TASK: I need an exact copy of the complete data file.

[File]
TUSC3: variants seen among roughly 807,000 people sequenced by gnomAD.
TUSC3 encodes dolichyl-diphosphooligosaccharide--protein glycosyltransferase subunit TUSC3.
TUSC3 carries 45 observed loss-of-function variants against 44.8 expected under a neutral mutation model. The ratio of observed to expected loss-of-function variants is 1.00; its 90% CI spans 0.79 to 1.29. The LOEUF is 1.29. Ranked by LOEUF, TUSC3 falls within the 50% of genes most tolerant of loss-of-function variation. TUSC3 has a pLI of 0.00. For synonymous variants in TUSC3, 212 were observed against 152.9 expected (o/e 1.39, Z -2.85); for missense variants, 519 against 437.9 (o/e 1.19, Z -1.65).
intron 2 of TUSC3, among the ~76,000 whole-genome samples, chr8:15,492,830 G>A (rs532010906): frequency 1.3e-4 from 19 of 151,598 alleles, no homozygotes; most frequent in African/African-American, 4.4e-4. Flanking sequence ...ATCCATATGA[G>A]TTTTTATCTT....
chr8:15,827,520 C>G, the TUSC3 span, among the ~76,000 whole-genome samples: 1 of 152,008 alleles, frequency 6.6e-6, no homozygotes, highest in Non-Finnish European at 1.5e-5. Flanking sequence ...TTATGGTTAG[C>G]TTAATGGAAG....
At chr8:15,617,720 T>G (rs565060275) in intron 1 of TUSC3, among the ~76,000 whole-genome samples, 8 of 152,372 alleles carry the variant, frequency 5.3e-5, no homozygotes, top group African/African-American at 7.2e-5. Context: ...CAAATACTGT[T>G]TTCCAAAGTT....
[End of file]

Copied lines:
TUSC3: variants seen among roughly 807,000 people sequenced by gnomAD.
TUSC3 encodes dolichyl-diphosphooligosaccharide--protein glycosyltransferase subunit TUSC3.
TUSC3 carries 45 observed loss-of-function variants against 44.8 expected under a neutral mutation model. The ratio of observed to expected loss-of-function variants is 1.00; its 90% CI spans 0.79 to 1.29. The LOEUF is 1.29. Ranked by LOEUF, TUSC3 falls within the 50% of genes most tolerant of loss-of-function variation. TUSC3 has a pLI of 0.00. For synonymous variants in TUSC3, 212 were observed against 152.9 expected (o/e 1.39, Z -2.85); for missense variants, 519 against 437.9 (o/e 1.19, Z -1.65).
intron 2 of TUSC3, among the ~76,000 whole-genome samples, chr8:15,492,830 G>A (rs532010906): frequency 1.3e-4 from 19 of 151,598 alleles, no homozygotes; most frequent in African/African-American, 4.4e-4. Flanking sequence ...ATCCATATGA[G>A]TTTTTATCTT....
chr8:15,827,520 C>G, the TUSC3 span, among the ~76,000 whole-genome samples: 1 of 152,008 alleles, frequency 6.6e-6, no homozygotes, highest in Non-Finnish European at 1.5e-5. Flanking sequence ...TTATGGTTAG[C>G]TTAATGGAAG....
At chr8:15,617,720 T>G (rs565060275) in intron 1 of TUSC3, among the ~76,000 whole-genome samples, 8 of 152,372 alleles carry the variant, frequency 5.3e-5, no homozygotes, top group African/African-American at 7.2e-5. Context: ...CAAATACTGT[T>G]TTCCAAAGTT....